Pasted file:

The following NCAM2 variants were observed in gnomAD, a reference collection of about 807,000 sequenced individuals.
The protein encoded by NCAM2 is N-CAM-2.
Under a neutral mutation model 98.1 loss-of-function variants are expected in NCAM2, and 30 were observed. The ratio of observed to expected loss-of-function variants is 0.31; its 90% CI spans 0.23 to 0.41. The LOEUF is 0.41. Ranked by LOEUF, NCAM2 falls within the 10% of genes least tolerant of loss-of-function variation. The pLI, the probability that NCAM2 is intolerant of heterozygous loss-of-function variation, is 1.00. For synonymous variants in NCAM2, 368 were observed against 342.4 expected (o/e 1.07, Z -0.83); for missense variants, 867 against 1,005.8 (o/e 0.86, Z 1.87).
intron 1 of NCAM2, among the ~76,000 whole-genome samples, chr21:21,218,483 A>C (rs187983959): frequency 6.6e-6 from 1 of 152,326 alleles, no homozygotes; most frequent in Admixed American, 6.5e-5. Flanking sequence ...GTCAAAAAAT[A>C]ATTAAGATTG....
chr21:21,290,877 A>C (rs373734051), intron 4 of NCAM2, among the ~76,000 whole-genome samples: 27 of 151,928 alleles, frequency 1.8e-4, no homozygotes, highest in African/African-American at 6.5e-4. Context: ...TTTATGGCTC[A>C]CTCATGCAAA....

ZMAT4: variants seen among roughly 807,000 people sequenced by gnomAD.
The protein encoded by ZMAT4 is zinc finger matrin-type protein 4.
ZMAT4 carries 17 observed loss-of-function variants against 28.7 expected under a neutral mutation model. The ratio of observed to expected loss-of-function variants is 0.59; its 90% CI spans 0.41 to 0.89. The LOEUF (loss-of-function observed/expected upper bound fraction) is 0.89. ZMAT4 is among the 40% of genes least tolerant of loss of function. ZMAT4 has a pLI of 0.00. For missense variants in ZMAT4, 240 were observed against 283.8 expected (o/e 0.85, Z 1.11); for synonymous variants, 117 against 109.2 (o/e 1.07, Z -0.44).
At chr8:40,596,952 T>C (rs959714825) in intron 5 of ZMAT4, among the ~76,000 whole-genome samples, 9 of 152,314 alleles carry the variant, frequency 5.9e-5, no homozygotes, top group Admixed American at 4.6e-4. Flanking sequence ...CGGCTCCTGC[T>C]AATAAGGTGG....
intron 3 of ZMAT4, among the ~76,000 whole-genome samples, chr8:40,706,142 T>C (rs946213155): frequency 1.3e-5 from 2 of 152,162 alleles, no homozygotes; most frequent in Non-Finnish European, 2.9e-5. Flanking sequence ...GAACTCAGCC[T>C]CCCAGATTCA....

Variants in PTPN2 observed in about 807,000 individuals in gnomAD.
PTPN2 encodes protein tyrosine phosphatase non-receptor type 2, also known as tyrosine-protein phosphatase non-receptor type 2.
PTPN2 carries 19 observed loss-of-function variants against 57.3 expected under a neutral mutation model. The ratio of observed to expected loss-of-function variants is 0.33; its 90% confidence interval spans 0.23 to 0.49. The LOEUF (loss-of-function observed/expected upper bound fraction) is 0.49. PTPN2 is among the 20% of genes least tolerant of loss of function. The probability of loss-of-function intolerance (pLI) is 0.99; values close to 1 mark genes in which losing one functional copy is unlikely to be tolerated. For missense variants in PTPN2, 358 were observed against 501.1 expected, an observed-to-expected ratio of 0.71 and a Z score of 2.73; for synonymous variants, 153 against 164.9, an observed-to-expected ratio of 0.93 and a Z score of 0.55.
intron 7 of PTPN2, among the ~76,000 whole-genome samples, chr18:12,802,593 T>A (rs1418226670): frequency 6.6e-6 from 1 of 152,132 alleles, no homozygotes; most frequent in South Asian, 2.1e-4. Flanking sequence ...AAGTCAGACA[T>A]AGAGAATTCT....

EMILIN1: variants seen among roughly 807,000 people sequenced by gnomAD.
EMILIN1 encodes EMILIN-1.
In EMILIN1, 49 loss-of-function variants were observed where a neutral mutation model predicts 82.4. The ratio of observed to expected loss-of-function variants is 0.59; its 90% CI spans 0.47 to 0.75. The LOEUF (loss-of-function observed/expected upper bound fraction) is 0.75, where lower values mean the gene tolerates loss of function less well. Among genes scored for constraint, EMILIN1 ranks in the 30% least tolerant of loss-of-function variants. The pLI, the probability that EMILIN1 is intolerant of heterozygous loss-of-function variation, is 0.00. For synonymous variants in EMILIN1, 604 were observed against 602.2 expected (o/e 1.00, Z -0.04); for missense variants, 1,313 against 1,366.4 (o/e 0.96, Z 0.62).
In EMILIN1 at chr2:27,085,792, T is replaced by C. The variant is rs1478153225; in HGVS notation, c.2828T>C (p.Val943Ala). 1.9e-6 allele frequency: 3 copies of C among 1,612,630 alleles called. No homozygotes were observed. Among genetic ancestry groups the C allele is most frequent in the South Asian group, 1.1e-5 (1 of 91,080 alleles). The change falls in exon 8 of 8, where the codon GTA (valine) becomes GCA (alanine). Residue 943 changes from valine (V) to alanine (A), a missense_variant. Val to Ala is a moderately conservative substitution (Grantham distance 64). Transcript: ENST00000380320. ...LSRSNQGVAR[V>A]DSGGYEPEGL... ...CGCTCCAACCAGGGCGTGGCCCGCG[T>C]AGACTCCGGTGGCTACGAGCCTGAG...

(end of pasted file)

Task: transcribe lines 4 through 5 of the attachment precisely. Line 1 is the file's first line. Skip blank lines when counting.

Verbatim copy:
intron 1 of NCAM2, among the ~76,000 whole-genome samples, chr21:21,218,483 A>C (rs187983959): frequency 6.6e-6 from 1 of 152,326 alleles, no homozygotes; most frequent in Admixed American, 6.5e-5. Flanking sequence ...GTCAAAAAAT[A>C]ATTAAGATTG....
chr21:21,290,877 A>C (rs373734051), intron 4 of NCAM2, among the ~76,000 whole-genome samples: 27 of 151,928 alleles, frequency 1.8e-4, no homozygotes, highest in African/African-American at 6.5e-4. Context: ...TTTATGGCTC[A>C]CTCATGCAAA....